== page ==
Amstrad amps's  lifetime was not its main selling point and getting them repaired was not easy....:/

But then, with the exception, possibly, of the IC2000, why would you want to? 

At least stuff then was made of discrete components, on large PCBs, so repairable, but even then, with these very cheap amps, repair costs often exceeded the cost of replacement. 

S

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6 minutes ago, SergeAuckland said:

Reviews that just published the manufacturer's specification without any verification were useless.

 
Agree: These Quad specifications did not reveal a problem with the power output into low impedances. Hence the 405-2 or bust.
 
Specifications: Two-channel, "current-dumping" solid-state power amplifier. Rated output: 100Wpc into 8 ohms (20dBW). Frequency response: -1dB at 20Hz (12dB/octave subsonic filter), -0.5dB at 20kHz, -3dB at 50kHz. Sensitivity: 500mV in for 100W out. Power bandwidth: 10Hz-20kHz. Damping factor: 80. Channel Separation: 85dB at 1kHz.
 

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Super Wammer

How on earth did an Amscrap amp end up being discussed on the WAM .....standards please gents :roll:

Now I must dig out my Rad Fidelity Music Centre. ....

Edited by MF 1000
Now I must dig out my Rad Fidelity Music Centre ......

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33 minutes ago, George 47 said:
 
Agree: These Quad specifications did not reveal a problem with the power output into low impedances. Hence the 405-2 or bust.
 
Specifications: Two-channel, "current-dumping" solid-state power amplifier. Rated output: 100Wpc into 8 ohms (20dBW). Frequency response: -1dB at 20Hz (12dB/octave subsonic filter), -0.5dB at 20kHz, -3dB at 50kHz. Sensitivity: 500mV in for 100W out. Power bandwidth: 10Hz-20kHz. Damping factor: 80. Channel Separation: 85dB at 1kHz.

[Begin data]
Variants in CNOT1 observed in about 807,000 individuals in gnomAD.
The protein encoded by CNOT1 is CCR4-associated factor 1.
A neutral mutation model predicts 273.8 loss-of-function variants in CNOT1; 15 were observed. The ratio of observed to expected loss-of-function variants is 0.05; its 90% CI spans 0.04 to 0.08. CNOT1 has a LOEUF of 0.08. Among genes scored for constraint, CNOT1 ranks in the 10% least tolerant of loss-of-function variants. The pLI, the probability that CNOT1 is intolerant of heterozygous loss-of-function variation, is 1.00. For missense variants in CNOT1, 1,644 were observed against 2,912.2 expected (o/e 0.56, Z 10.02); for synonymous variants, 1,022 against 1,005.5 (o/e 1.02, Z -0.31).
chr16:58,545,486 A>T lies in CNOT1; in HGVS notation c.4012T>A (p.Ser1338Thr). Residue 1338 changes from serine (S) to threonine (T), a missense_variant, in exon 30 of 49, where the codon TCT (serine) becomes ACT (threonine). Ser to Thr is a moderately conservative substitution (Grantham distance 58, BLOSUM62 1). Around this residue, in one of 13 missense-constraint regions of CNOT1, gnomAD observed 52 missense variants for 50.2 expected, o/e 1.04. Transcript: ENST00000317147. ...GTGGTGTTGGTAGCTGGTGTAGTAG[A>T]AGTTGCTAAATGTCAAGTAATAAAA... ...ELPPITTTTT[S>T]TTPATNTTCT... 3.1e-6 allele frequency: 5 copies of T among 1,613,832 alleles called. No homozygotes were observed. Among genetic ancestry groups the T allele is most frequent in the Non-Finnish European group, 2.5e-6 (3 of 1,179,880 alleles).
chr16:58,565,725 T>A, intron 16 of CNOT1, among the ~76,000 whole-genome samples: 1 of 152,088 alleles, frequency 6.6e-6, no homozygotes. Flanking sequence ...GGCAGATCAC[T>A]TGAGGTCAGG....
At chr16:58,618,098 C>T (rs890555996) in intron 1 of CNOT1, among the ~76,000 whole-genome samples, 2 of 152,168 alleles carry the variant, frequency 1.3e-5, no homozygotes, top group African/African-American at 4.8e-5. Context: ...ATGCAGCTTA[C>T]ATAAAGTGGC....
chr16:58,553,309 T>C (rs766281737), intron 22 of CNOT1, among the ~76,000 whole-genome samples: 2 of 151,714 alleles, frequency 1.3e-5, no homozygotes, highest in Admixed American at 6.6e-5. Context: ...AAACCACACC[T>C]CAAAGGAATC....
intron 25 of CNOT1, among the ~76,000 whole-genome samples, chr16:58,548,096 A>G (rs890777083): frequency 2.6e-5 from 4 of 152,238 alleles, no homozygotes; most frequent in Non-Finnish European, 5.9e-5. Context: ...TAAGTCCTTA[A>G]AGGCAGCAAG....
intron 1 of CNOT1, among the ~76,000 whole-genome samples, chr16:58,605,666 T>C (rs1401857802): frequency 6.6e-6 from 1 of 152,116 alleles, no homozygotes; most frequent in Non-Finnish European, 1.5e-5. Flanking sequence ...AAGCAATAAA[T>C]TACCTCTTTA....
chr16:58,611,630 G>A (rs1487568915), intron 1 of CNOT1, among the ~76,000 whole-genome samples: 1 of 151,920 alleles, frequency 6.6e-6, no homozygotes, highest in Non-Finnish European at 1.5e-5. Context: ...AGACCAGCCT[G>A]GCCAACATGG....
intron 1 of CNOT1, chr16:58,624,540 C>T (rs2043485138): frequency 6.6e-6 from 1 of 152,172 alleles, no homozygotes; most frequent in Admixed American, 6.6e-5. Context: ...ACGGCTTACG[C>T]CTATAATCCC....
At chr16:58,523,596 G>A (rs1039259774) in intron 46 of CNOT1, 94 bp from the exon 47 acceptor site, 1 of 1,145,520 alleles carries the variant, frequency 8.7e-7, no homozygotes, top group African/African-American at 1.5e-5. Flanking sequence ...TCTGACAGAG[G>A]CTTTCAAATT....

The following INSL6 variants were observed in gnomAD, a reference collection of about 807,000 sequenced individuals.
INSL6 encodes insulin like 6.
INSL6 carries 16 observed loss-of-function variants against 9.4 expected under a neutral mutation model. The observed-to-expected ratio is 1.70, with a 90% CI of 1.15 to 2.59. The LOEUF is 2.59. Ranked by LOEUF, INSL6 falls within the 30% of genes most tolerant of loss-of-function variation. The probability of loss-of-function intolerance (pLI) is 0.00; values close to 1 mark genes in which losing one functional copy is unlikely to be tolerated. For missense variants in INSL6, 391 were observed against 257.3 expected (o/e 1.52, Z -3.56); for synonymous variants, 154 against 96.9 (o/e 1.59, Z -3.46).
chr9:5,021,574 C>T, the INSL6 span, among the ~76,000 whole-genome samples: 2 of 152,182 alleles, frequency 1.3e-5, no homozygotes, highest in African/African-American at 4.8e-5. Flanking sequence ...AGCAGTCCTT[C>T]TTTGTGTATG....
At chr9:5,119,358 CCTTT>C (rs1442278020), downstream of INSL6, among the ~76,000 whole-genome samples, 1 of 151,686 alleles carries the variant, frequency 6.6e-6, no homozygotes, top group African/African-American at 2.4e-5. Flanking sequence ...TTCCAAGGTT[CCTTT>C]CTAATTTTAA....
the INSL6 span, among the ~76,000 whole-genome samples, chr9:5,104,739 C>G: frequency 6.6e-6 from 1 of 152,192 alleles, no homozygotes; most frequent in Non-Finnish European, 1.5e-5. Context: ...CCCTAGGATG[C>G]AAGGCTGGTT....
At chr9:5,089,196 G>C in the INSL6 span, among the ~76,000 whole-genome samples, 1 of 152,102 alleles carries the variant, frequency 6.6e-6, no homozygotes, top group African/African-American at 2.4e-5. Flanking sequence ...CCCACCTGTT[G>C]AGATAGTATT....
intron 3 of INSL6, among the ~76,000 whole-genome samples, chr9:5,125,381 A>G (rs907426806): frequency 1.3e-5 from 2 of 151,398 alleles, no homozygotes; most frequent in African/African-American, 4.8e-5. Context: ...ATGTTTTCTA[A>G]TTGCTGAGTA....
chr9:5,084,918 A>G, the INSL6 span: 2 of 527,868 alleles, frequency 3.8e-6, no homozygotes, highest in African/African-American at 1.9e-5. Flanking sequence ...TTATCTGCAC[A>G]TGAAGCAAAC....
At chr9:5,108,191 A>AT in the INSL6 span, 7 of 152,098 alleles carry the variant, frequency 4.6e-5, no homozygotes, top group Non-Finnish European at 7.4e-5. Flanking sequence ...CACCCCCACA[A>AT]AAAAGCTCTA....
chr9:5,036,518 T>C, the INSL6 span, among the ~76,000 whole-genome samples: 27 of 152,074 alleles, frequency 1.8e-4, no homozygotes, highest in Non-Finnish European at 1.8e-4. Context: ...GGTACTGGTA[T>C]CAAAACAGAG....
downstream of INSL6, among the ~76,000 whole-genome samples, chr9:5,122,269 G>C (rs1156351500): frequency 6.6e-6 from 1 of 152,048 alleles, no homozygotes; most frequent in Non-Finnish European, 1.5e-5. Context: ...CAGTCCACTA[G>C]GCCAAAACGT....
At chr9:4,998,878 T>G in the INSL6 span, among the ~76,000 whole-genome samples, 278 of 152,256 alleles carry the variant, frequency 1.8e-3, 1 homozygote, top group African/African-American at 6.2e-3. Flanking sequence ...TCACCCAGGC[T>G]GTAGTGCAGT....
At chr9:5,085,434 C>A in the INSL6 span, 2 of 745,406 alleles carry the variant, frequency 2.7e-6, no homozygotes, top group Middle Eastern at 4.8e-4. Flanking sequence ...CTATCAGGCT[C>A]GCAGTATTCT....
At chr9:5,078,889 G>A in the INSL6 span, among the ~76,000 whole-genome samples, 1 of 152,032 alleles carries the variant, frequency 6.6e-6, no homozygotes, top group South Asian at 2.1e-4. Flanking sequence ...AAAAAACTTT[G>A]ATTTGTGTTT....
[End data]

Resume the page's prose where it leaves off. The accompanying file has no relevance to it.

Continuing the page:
Yes, but Quad published power and distortion curves which made it clear what the limitations were, one just needed to understand what the specs meant.

In any event, whether Quad or Amstrad, this thread is about trusting reviews, not manufacturer's specs, and a decent review will measure what the amplifier does and report accordingly. Only airy-fairy subjective reviews, which became fashionable in the 1970s was there a lot of arm-waving about musicality and the like. Those really were meaningless, but at least from the magazine's viewpoint they didn't have to maintain a test lab or pay for a proper engineering review. 

S.

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I trust my ears. if it sounds good to me, then it is good. It may be different to other folk's preferences, but we are all individuals. I don't need a graph to tell me whether or not I will enjoy a piece of equipment. I am not a robot.

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I don't trust magazine reviews in general, (Hi Fi or anything else) with Hi Fi I have found a couple of reviewers who seem to hear things in a similar way to me, and that helps create a shortlist sometimes. Measurements seem to be somewhat selective, and  subjectivist reviews are in the main useless, you will not t have the room or the other kit used available to you, and there is far too much purple prose and waffle, not to mention if it's more expensive its doubtless better.

Edited by dudywoxer
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Super Wammer

What cannot be covered by a mag review is the synergy of a amp, CDP, speakers etc with the other components in your system and room etc.  I'm sure there are quite a few of us who have taken kit that performs superbly in thier own system to a bake off or mates system only to find it makes little difference in another setup.

I never really understood the Linn adage of best source possible etc ...

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11 minutes ago, Cambs12 said:

I trust my ears. if it sounds good to me, then it is good. It may be different to other folk's preferences, but we are all individuals. I don't need a graph to tell me whether or not I will enjoy a piece of equipment. I am not a robot.

This.

I might look at reviews to get info on what is out there but I use my ears and with almost everything I’ve bought over the years a home demo. I like my stuff to look good too and given everyone’s different preferences no reviewer can measure that objectively.